Center for Strategic Communication

More than one year after a US ambassador and three other Americans were killed during a terrorist attack in Benghazi, Libya, the city remains plagued by violence. Ansar al Sharia Libya, the al Qaeda-linked group that took part in the Sept. 11, 2012 attack, has been involved in heavy fighting against Libyan special forces and residents.

On Monday, Nov. 25, the Libyan government said that nine people have been killed in the recent fighting in Benghazi thus far, with up to another 50 people being wounded. Citing a “senior Libyan military official” in Benghazi, CNN reports that the Ansar al Sharia fighters are heavily armed, “using mortars, rocket-propelled grenades” and other weapons.

The crisis prompted Libyan Prime Minister Ali Zeidan to make a second trip to Benghazi since the beginning of the month, the Libya Herald reports.

Elsewhere, in Derna, a convoy of Ansar al Sharia fighters was “blocked” from leaving the town. The fighters were reportedly headed to Benghazi as reinforcements.

Separately, an Ansar al Sharia representative from Derna blasted the Libyan government during a phone interview that was aired on Libya Al-Ahrar TV and summarized by the Libya Herald. The representative, Mahmoud al Barassi, said Ansar al Sharia would “fight people who seek democracy, secularism, and the French,” as well as anyone who opposes the group. Al Barassi labeled members of the Libyan government “apostates” and claimed that Prime Minister Zeidan knows “knowing nothing about Islam.”

In Ajdabiya, about 150 kilometers south of Benghazi, some Ansar al Sharia members were reportedly ejected from the city.

Shortly before the latest outbreak of violence in Benghazi, on Nov. 23, Ansar al Sharia released a statement condemning Western influence inside the Libya.

“If the West leaves [the country] and it does what it wants, then it will be independent and will have achieved its identity,” the statement reads, according to a translation by the SITE Intelligence Group. “If the country stops before that and kneels before [the West], then it is still submitting to the West and one of its agents rules in it.”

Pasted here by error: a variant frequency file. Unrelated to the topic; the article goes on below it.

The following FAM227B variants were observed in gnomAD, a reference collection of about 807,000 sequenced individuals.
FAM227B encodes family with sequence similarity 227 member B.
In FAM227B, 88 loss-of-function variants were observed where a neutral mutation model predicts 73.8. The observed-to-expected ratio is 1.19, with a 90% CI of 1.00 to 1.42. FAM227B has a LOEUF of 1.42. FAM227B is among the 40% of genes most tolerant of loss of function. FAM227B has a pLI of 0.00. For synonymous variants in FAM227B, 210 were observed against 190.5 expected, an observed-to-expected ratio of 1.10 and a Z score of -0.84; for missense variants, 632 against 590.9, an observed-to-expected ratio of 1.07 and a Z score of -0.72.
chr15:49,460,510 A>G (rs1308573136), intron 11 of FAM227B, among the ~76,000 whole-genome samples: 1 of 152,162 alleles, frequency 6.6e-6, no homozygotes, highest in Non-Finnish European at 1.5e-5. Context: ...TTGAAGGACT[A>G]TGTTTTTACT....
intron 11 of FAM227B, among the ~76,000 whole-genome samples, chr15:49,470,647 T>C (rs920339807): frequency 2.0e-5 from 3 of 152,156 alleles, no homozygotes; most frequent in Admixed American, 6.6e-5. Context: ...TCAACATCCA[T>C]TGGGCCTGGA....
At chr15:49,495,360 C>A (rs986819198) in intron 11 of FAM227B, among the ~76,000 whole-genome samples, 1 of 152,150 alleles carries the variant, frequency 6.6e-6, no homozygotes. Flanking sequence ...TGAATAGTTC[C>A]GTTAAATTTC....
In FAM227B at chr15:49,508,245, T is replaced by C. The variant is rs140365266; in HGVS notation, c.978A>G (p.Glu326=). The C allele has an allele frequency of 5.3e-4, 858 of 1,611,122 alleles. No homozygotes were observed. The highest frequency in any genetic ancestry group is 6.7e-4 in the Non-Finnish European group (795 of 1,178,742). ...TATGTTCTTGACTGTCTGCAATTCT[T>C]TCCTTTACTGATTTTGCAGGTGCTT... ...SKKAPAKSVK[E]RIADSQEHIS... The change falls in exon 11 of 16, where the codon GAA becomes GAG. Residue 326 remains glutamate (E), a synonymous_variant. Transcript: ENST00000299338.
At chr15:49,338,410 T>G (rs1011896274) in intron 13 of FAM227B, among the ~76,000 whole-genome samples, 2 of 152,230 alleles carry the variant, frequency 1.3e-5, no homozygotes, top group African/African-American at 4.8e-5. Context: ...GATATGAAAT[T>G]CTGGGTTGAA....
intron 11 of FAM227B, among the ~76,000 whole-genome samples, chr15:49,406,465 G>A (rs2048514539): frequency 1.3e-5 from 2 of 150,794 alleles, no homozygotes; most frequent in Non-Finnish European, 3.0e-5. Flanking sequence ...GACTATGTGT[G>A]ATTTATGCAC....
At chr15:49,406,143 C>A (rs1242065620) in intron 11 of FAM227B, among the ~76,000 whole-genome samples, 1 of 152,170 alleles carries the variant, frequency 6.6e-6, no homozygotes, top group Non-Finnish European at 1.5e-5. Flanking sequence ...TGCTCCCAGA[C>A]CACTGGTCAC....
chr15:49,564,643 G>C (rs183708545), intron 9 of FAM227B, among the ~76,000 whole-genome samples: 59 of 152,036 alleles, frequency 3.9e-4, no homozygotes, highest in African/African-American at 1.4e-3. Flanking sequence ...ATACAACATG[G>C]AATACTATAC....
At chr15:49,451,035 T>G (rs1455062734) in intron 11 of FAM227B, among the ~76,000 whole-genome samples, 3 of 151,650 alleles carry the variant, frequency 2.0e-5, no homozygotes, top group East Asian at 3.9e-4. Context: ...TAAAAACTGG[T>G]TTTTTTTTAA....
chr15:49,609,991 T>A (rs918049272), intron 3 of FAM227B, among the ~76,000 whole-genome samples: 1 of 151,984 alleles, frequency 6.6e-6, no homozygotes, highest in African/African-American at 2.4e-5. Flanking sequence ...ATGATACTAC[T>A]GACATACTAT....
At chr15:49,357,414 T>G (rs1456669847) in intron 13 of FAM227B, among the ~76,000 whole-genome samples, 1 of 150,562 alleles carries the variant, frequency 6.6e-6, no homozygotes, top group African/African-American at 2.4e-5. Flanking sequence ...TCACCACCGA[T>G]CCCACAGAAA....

The group’s statement compared the current government to Muammar Gaddafi’s deposed regime. “The current situation, without exception, is no more than the replacement of one oppressor with another, of one agent with another,” SITE’s translation reads. “The clear measure for the country’s independence and for the removal of corruption is its rule by God’s law.”

Part of the al Qaeda network

Across the border in Tunisia, the government is also battling Ansar al Sharia’s forces. Tunisian officials have claimed that Ansar al Sharia Tunisia is closely linked to al Qaeda in the Islamic Maghreb (AQIM). Tunisian authorities have even claimed that they have discovered a handwritten allegiance pact between the head of Ansar al Sharia, Seifallah Ben Hassine (a.k.a. Abu Iyadh al Tunisi), and AQIM emir Abdelmalek Droukdel.

Ansar al Sharia Tunisia’s leaders responded to the government’s allegations in September by confirming that the group has been loyal to al Qaeda since its inception. The group claimed, however, to maintain organizational independence. This claim is contradicted by other evidence. [See LWJ report, Ansar al Sharia responds to Tunisian government.]

In October, Tunisian Prime Minister Ali Larayedh told Reuters that the Ansar al Sharia chapters in Libya and Tunisia are in league with AQIM. “There is a relation between leaders of Ansar al Sharia [Tunisia], al Qaeda in the Islamic Maghreb and Ansar al Sharia in Libya,” Larayedh said. “We are coordinating with our neighbors over that.”

Ansar al Sharia Tunisia orchestrated the assault on the US Embassy in Tunis on Sept. 14, 2012, just three days after members of Ansar al Sharia Libya took part in the Benghazi attack.

The Long War Journal has documented a wealth of evidence tying the Ansar al Sharia chapters to al Qaeda. [See, for example, LWJ report, Al Qaeda and the threat in North Africa.]